Forrester Research, an international technology and market research company, has been formally tracking the growth and maturation of social media behavior over the past four years. Each year it has seen steady increase in participation – until now.
In its most recent study, just released, Forrester reports that although social media “joiners” and “spectators” continue to grow in the U.S., the number of “creators” has now reached a plateau.
Forrester defines social media “creators” as those people who maintain a blog, publish their own web pages, or upload their own videos or musical creations. As of today, Forrester estimates that approximately 23% of U.S. online adults fall into this category.
But for the first time since Forrester’s annual “Global Social Technographics®” studies began in 2007, the number of “creators” hasn’t risen. In explaining this news, Augie Ray, senior analyst of social computing/marketing at Forrester, had this to say in a 9/28/2010 blog post:
“The reasons span things as complex as human nature and as simple as web site usability. For example, is it sensible to believe that ‘creator’ behavior will ever be universal? Not every person has a burning need to be a reporter, an industry expert, a videographer, a musician, a thought leader, an editor or a broadcaster. The fact that more than one in five online adults in the U.S. are exhibiting ‘creator’ behavior is a testament to how social technologies have lowered the bar, since these tools have allowed more people to create and distribute their ideas, opinions and creations than was ever possible in the past.”
The 2010 Forrester study did find that the number of “joiners” – those people who maintain social networking profiles – continues to grow. That’s explained by the fact that people feel they must be part of social media, if only to keep in touch with friends and relatives. Notes Ray, “Today, avoiding social networks is about as easy to do as avoiding e-mail – it’s possible, but it comes at a substantial cost in terms of relationships and knowledge.”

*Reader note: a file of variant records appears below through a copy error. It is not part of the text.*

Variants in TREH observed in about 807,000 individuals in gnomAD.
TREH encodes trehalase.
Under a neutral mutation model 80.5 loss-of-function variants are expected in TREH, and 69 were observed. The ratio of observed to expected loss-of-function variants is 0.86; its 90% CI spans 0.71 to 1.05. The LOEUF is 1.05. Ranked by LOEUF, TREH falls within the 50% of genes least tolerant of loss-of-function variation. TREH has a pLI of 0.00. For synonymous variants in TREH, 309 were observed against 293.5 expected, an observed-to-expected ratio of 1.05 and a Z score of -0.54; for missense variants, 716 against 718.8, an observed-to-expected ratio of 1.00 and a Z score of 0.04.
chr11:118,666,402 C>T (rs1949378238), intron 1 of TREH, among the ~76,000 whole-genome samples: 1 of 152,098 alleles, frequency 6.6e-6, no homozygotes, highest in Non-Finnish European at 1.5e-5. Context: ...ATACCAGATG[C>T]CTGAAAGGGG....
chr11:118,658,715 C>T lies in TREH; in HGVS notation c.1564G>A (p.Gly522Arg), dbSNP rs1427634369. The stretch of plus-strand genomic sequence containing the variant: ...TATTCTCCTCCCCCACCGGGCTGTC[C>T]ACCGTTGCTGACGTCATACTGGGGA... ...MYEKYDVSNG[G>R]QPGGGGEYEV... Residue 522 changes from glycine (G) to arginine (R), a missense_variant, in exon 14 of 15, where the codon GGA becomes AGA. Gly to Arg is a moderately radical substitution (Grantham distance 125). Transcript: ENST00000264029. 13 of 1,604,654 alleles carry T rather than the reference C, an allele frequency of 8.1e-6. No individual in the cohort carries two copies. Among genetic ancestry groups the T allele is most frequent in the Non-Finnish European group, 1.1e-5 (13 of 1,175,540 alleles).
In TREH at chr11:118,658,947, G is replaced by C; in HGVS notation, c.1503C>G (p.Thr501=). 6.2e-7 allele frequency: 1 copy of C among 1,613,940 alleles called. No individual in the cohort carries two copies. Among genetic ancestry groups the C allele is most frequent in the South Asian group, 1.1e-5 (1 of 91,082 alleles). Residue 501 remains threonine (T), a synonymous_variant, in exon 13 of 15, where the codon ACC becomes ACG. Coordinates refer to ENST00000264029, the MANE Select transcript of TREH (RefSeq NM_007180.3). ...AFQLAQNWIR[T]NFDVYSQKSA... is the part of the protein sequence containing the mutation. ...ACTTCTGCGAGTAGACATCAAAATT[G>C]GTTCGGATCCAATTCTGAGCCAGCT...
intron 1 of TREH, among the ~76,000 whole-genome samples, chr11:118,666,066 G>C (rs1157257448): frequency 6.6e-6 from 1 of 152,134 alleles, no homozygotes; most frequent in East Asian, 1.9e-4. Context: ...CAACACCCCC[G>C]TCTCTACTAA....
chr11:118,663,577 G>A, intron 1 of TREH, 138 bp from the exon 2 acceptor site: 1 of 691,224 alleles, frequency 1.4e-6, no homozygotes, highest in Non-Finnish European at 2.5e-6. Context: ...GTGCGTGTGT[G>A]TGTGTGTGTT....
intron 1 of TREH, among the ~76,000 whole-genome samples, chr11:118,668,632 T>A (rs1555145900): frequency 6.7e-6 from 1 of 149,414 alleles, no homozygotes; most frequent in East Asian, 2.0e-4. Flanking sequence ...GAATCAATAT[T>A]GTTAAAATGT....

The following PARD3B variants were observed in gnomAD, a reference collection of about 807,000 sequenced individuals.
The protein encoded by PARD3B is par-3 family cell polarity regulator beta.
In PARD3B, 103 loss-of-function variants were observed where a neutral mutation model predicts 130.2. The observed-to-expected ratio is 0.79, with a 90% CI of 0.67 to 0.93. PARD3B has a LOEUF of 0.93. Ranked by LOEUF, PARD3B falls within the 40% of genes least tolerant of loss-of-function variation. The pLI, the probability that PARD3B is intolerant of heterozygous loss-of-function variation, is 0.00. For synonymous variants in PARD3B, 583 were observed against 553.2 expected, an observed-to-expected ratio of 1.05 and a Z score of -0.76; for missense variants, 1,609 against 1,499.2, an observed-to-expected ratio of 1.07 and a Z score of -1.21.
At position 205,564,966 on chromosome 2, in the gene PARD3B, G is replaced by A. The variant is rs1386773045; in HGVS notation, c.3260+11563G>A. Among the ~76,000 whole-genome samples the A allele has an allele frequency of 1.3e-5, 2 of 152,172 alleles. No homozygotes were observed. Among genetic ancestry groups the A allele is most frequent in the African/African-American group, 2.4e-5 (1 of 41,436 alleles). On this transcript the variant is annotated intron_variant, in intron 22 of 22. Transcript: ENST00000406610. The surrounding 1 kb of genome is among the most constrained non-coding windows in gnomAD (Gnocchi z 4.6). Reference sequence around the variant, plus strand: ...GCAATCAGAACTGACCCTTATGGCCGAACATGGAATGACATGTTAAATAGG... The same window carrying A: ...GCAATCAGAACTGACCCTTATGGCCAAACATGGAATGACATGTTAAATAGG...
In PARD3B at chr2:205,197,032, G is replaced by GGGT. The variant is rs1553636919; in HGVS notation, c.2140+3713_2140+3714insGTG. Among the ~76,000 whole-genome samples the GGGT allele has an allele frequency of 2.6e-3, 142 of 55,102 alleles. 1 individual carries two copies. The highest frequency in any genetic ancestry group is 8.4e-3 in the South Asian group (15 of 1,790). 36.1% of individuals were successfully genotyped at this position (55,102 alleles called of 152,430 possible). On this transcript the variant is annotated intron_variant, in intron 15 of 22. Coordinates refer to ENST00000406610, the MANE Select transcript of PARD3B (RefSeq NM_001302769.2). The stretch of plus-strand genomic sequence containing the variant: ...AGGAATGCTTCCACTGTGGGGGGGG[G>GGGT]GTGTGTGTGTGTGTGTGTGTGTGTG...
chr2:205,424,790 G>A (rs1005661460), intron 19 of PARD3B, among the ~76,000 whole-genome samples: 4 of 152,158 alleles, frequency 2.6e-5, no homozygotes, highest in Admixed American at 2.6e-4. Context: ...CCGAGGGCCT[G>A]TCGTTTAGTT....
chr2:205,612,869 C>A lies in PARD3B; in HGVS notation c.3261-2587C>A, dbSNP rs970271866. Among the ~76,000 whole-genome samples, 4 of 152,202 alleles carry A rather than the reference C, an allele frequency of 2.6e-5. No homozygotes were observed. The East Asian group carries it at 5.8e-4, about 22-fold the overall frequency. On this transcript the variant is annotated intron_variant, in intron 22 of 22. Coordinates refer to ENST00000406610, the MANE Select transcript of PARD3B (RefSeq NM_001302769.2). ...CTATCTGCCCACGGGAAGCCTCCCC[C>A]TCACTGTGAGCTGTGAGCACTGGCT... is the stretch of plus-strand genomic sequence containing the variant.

Another interesting aspect of the Forrester report is a look at the Social Technographics® ladder that does a nice job of breaking down social medial activities into behavioral categories. As of today, the research finds the following breakdown:
~23% are “creators” – They publish a blog or their own web page, or upload their own videos or music at least once per month.
~31% are “conversationalists” – They update their status on Twitter or social networking sites at least once per week.
~33% are “critics” – They post ratings or reviews of products and services, comment on someone else’s blog post, or contribute to online forums at least once per month.
~19% are “collectors” – They “vote” for web sites online, add “tags” to web pages or photos, or use RSS news feeds at least once per month.
~59% are “joiners” – They maintain a profile or visit social networking sites at least once per month.
~68% are “spectators” – They read blogs, listen to podcasts, watch videos, read online forums or read customer reviews at least once per month, without otherwise interacting with the content.
And what about the “inactives” – those who engage in none of the activities as described above? They represent just 19% of all American adults who are online. Based on the most recent findings, that’s a figure that may stubbornly refuse to decline much further.